Check out more of his stuff, including a pretty killer webcomic entitled Scribe. And be sure to follow him on twitter @CauseImDanJones for more art and updates.

Gustav Carlson

Hey cats and kittens. Sorry for the little hiatus I was on. I ended up getting crazy busy. Not in a bad way, for the most part. I just found myself without the time to devote to an article on Sundays. And I wanted to devote some quality time to the post for this drawing.

You see, I’ve known Gustav for going on almost 10 years now, which seems crazy now that I think about it. We were both on a forum for a webcomic, and migrated with a close group of people when the whole thing went to hell and got shut down. From there, all of us found ourselves unpestered on our own plot of land on the internet. Anyway, long story short, we’ve all known each other for some time now.

And all that time, Gustav Carlson has been a cartoonist. So of course, I had him draw me a Ghostbuster.


Man, was I happy when I got this in the mail. He sent it to me along with the first issue from his comic “Eve of the Ozarks.” You see, this man does a lot of his drawing from a cabin in the Arkansas wild. His first comic, Backwood Folk was about the adventures of the people living in the fictional town of Po’Dunk, Arkansas.

As Carlson tells it:

Backwood Folk is a contemporary story about a man returning to his home in Po’Dunk, Arkansas after a long absence. On one hand he has to deal with the holes he left amongst the folks he abandoned. On the other he has to deal with wide-array of haunts, monsters, and impossible things that he only remembered as ghost stories and campfire tales. It’s a sort of sequel to the folktales that are long lost or never told.


Now he spends his days creating the adventures of a little wild girl named Eve.

Eve of the Ozarks is a much brighter story that takes place in the same region in the early 1800’s. When the only folks, in what would become Po’Dunk, are a young child named Eve and her hermit father, Paw Duncan. She’s a rambunctious sort whose best friend is an impossibly old goat named Hieronymus. The two of them find themselves in a constant stream of adventures and excitement as they explore the Ozarks, and fight off all kinds of monsters.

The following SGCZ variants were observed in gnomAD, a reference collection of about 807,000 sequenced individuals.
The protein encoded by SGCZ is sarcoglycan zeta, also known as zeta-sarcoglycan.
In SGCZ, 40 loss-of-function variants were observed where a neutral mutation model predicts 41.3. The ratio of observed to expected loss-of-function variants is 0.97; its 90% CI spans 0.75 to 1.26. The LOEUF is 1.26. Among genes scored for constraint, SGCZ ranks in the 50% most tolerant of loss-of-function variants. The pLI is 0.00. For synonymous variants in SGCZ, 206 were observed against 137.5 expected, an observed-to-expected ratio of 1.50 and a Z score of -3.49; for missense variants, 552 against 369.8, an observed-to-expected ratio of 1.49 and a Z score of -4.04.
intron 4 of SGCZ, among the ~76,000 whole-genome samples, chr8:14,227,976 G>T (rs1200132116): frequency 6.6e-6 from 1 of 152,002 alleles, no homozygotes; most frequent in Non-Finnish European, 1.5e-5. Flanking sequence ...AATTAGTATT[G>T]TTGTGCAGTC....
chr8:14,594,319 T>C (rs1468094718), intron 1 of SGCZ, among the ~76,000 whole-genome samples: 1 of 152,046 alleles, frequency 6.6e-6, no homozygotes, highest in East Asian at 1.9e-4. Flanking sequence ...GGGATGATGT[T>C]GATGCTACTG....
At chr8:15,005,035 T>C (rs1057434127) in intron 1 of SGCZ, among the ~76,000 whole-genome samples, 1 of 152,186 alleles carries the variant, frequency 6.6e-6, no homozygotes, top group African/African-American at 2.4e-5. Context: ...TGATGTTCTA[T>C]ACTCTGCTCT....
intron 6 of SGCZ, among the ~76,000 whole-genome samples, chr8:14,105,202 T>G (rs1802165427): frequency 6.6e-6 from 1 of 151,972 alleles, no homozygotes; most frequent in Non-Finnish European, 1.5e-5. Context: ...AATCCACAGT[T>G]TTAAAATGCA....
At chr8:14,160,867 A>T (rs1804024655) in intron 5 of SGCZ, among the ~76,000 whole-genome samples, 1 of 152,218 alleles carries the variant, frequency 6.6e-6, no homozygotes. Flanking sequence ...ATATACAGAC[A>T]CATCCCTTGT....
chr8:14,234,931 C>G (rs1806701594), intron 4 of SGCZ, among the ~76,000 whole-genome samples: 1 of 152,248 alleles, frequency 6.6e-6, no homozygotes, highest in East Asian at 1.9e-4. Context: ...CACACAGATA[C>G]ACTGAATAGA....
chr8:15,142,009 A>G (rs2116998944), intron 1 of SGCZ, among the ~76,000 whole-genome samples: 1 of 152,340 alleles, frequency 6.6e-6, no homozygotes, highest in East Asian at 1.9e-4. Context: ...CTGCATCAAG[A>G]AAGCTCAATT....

(Please please click these to see them full size. You’ll thank me.)

The adventures he puts her in are taken right from the lore and legends from the area – some familiar, some only known to a modern day mountain man who goes looking for monsters in all the right places.


Today being Father’s Day, I’ll link you to a little conversation Eve has with her Pa about scars. For a comic about a little girl playing in the wild, Carlson sure knows how to pack in the lessons and love in the world around us – much like Bill Watterson did in bringing us Calvin and Hobbes.

Who’s your favorite Ghostbuster?

My favorite Ghostbuster is easily Ray. The wild-eyed excitement is absolutely infectious. And what can I say, Dan Aykroyd’s love of aliens, and crystal skulls filled with vodka is just as fun.

You owe it to yourself to check out his comics, and follow him on twitter @BackwoodGoat.

Jim Mehsling

Hey folks,

Another Sunday means another Ghostbuster. This is the first one I got at this year’s Planet Comicon here in Kansas City. I came back this time with a mission and went hunting. As I was working my way around the hall, I was flipping through different sketch books and print books, and came upon this really killer John Marsten from Red Dead Redemption. It was drawn by a cat named Jim Mehsling. So, of course I had him draw me a Ghostbuster.


No disappointments here, obviously. This guy looks like not only could a bust a ghost, but turn a wrench or two.

Just a while ago, Mehsling won the official Star Wars Fan Movie Award for Best Animated Feature for his short cartoon Bounty Hunter II: Pit of Carkoon.

Right now, he’s the lead animator over at Blogglebeans, a place for grandkids and grandparents to have a place to play and hangout together online. Very cool idea.

You can check out more of his awesome stuff over at his blog, Cartoon Caveman. He’s got great original stuff alongside some really killer fan stuff, too. You can also follow him on twitter @cartooncaveman or at Instagram, where I grabbed this sketch of a photograph near and dear to my heart: